The Other Side Of The Consumer

The missing piece so far is consumers. We’ve gotten a glimpse at how businesses are taking in the shock, both shocks, actually, in that corporations are battening down the liquidity hatches at all possible speed and excess. Not a good sign, especially as it provides some insight into why jobless claims (as the only employment data we have for beyond March) have kept up at a 2mm pace.

These are second order effects. In terms of consumer spending, it’s, as always, spend versus save. Are consumers going to change their behavior, too? If the propensity to spend was one level before March, will it be at a lesser rate once the non-economic dislocation passes by? If so, that will cause and amplify further not-short run economic damage.

That’s how exogenous shocks like COVID-19 become far more than the incidental damage they cause. The lingering demand destruction is brought about by changes in how everyone in it behaves – if there are any.

Right now, the mainstream assumption is for the biggest and best “V”; that once the economy reopens everything will go right back to the way it was before anyone had heard of the coronavirus. Furthermore, the government’s recklessness in fiscal as well as monetary matters is being viewed as more than sufficient insurance so as to make this likely.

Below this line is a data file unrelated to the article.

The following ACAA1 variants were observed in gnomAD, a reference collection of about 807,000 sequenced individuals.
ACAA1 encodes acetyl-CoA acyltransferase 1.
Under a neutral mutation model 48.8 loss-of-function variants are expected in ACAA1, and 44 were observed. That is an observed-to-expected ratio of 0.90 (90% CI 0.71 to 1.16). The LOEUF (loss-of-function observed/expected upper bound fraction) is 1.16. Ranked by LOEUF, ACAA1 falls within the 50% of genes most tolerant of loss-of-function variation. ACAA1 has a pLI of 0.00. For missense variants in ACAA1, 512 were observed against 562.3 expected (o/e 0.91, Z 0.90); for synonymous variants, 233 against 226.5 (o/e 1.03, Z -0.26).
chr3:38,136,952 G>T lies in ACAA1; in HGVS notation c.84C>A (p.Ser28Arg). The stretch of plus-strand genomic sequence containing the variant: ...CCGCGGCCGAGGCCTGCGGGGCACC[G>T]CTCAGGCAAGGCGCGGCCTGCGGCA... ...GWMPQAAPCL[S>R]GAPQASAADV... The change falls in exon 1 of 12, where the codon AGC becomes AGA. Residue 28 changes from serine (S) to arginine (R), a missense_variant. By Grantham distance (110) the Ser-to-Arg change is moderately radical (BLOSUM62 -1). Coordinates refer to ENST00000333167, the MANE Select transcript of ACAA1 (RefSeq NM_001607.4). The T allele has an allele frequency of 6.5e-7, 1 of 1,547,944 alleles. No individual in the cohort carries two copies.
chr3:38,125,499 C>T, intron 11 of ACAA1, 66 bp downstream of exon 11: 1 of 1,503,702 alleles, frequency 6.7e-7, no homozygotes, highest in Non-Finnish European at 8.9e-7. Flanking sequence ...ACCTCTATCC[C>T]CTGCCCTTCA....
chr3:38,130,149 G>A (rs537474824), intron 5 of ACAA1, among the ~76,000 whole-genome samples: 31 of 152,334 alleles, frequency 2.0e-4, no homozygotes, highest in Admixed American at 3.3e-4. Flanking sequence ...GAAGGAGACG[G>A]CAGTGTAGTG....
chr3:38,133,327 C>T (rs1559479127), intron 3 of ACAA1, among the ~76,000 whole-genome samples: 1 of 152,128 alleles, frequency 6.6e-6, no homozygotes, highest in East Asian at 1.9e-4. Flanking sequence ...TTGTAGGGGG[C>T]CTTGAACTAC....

Again, so far the business side isn’t on the government’s side (including Jay Powell).

The BEA today published its April estimates for personal income and spending – the consumer end of the economy. As with everything else to this point, the first step into the crisis has been a disaster though I’ll qualify this straight away by noting we shouldn’t put too much stock into this one month of data.

For one thing, April is completely out of the ordinary, a true outlier month especially for consumers if ever there was one.

Second, the government’s transfer payments had just started showing up. What these figures show is that Americans were finally getting paid on their unemployment claims as well as “helicopter” money though they didn’t spend much or any of it.

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Disclosure: This material has been distributed for informational purposes only. It is the opinion of the author and should not be considered as investment advice or a recommendation of any ...

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